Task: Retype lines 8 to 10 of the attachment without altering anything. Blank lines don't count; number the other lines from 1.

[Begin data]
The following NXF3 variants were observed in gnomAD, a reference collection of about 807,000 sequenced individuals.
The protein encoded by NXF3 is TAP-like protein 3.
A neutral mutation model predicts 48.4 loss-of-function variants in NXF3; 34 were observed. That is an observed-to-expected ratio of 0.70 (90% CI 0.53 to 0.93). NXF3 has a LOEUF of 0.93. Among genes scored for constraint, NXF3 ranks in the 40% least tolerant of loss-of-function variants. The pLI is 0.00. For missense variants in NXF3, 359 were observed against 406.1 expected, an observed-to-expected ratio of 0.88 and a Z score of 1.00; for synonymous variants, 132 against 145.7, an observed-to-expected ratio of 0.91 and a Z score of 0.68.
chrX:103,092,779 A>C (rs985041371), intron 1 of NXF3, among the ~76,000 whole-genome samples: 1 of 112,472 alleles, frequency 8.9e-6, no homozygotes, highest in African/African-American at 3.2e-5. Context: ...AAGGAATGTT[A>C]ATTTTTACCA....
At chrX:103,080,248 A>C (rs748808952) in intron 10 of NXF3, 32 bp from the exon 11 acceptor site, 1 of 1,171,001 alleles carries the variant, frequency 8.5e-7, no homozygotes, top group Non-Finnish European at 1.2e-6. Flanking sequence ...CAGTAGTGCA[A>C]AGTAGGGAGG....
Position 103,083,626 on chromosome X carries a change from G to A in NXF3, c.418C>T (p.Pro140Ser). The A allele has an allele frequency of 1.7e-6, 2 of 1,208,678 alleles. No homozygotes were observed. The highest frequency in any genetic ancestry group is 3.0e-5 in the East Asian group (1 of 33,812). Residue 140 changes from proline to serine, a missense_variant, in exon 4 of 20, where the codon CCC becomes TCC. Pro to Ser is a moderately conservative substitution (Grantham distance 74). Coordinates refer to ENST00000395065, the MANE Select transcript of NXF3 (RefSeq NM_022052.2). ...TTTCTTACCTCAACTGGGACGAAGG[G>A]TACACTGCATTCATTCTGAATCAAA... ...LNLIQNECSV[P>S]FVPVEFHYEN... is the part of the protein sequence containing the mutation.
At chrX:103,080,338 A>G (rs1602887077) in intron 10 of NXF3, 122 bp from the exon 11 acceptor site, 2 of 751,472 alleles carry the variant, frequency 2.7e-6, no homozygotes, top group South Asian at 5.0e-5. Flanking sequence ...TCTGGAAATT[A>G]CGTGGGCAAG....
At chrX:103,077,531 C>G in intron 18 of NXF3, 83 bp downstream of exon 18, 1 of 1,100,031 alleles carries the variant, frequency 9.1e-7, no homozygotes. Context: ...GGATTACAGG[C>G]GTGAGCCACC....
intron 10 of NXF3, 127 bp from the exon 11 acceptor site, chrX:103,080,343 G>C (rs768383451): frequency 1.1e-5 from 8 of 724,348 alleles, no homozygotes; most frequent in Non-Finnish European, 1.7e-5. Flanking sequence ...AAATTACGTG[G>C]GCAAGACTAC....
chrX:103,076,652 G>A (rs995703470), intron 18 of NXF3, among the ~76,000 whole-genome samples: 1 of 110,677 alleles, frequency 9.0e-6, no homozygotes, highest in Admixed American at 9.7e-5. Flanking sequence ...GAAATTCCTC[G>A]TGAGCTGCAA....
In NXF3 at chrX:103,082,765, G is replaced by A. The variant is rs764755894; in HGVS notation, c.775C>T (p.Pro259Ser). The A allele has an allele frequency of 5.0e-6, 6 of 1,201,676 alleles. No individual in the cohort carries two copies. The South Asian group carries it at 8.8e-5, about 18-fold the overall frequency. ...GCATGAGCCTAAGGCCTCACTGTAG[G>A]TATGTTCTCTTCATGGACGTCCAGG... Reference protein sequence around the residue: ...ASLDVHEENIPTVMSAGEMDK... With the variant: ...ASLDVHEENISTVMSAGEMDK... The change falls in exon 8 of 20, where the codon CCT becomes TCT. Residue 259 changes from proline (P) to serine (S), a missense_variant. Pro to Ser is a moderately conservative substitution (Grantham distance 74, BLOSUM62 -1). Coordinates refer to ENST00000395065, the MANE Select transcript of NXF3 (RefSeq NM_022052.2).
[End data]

At chrX:103,077,531 C>G in intron 18 of NXF3, 83 bp downstream of exon 18, 1 of 1,100,031 alleles carries the variant, frequency 9.1e-7, no homozygotes. Context: ...GGATTACAGG[C>G]GTGAGCCACC....
intron 10 of NXF3, 127 bp from the exon 11 acceptor site, chrX:103,080,343 G>C (rs768383451): frequency 1.1e-5 from 8 of 724,348 alleles, no homozygotes; most frequent in Non-Finnish European, 1.7e-5. Flanking sequence ...AAATTACGTG[G>C]GCAAGACTAC....
chrX:103,076,652 G>A (rs995703470), intron 18 of NXF3, among the ~76,000 whole-genome samples: 1 of 110,677 alleles, frequency 9.0e-6, no homozygotes, highest in Admixed American at 9.7e-5. Flanking sequence ...GAAATTCCTC[G>A]TGAGCTGCAA....